Perhaps 5 minutes later there was another loud knock on the front door, so I put on my trousers again and went to the door. It was the same young man who apologised for disturbing me again. This time his business was to give me a pint of milk with compliments of his company which was called Radbournes. I said this was welcome. Back in the house, I took off my trousers and began work again.
My wife had packed away the bedding, so that night I thought I would sleep on the sofa, and was just arranging things, when there was loud knocking at the front door. It just cannot be the same chap, I thought, so I put on my trousers and went to the door. It was him again! This time he gave me 4 eggs with the compliments of his company which was called Radbournes. I said Good Night, and went in and took off my trousers and finished the job, and settled down on the sofa. In the morning, I drank the milk, pulled on my trousers and went out to catch the bus to take me to Boreham Wood. STC had not yet opened their factory in Templefields. In those days, the bus to Boreham Wood went from Hare St Springs.
I have told few people this story – I can still smile when I think about it – it was early November 1954.
By 1956 I had made quite a few friends, not all of whom were incomers. One of these was a lady who lived in Kingsmoor Road and who ran a little riding school in the fields on which Princess Alexandra Hospital was later built. She had stables at Parndon Hall which had been the home of the Arkwright family, but was being used by Mrs Kitty Claire as part of her private girls’ school. The lady with the horses was Peggy Law.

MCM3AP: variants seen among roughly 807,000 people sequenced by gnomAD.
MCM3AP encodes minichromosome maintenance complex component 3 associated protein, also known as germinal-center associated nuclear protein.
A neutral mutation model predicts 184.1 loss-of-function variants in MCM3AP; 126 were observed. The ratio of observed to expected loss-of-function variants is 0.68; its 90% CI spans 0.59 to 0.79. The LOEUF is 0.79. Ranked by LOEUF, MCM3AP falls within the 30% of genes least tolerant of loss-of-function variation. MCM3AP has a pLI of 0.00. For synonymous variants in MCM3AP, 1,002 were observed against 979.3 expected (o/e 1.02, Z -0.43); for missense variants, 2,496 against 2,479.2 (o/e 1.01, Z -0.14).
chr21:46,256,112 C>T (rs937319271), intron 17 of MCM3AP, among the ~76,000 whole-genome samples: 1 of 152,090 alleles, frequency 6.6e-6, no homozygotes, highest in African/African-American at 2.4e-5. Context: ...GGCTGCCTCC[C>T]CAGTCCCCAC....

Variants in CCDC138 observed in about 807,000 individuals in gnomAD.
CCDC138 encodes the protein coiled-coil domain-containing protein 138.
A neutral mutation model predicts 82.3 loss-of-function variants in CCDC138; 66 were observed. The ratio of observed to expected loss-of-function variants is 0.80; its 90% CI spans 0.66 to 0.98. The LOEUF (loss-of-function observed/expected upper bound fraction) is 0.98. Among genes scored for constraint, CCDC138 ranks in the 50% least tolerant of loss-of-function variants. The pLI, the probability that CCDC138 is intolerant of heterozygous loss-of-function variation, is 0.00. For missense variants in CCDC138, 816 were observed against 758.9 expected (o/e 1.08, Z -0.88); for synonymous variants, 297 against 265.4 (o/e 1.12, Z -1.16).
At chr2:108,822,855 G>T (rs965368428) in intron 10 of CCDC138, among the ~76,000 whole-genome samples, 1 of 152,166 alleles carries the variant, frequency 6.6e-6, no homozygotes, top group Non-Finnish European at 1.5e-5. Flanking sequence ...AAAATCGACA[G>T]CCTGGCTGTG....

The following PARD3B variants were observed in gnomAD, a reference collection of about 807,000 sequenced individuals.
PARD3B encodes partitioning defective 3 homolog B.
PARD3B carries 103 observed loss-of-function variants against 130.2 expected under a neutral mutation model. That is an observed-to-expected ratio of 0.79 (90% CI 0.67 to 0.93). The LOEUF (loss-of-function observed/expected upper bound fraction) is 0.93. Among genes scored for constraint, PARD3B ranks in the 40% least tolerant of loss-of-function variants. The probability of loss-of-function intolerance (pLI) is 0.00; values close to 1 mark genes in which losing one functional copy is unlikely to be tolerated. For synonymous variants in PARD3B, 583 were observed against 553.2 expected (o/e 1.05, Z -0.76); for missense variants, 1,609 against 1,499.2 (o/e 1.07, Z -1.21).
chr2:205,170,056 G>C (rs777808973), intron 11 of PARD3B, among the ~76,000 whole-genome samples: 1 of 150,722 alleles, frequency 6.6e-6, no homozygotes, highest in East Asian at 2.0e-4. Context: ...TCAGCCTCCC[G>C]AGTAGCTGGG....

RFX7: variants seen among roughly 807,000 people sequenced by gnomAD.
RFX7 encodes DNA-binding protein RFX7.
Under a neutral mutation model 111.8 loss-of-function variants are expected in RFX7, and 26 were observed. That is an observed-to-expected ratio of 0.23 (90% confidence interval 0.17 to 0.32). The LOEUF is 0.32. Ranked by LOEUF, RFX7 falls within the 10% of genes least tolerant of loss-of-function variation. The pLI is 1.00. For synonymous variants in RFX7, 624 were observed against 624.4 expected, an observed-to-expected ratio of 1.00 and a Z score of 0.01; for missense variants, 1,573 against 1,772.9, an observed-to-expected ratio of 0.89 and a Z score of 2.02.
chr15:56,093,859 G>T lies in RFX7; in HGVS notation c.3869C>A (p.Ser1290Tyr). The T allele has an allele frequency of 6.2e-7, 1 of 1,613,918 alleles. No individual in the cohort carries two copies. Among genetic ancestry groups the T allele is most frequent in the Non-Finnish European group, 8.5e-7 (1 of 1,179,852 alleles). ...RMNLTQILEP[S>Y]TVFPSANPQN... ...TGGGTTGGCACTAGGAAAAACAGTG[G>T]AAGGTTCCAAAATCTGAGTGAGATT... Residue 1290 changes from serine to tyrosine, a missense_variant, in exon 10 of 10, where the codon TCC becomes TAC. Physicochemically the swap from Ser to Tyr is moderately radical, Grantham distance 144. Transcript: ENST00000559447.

Parndon Hall is only a few minutes’ walk from Sharpecroft, and in those days there was just a field and a little bluebell wood in between. One morning when I stepped out of the front door to go to work, I was astonished to see a horse on my lawn having a good breakfast. I recognised it as being one of Peggy’s horses, and it must have escaped from the field where the hospital now is. There was nothing I could do, but the horse stood little risk as there was very little traffic in those days. When I arrived at work I phoned Peggy, who had no idea a horse of hers was loose, and she came to collect it.
Months passed, and we noticed a great deal of activity on the field (now the Harvey centre multi-storey car park) between my house and where the theatre would one day be. The next morning when I left to go to work, on the pavement opposite my house, where builders were still working on Edmunds Tower, were three elephants. This was too much and I stood a while for it to sink in. The elephants were drinking out of a large sheet iron tank belonging to the builders. By now on the field at the end of the street was a large marquee and lots of caravans and a banner announcing Chipperfield’s Circus. I suppose Miss Chipperfield had come to an arrangement with the builders in view of the amount of water elephants need. What could I have said if the boss had seen me coming into work late that day and asked for an explanation?
This was not the end of the story, for that night was the most severe thunder storm for years with terrific lightning and thunderclaps. I heard the trumpeting of terrified elephants as I lay in bed. If they had escaped, I am sure they would have made straight for their water hole opposite my front garden. I was very glad when the circus moved on.
Intro by Barbara Noble, memories by Jim Noble.
Popularity: 1% [?]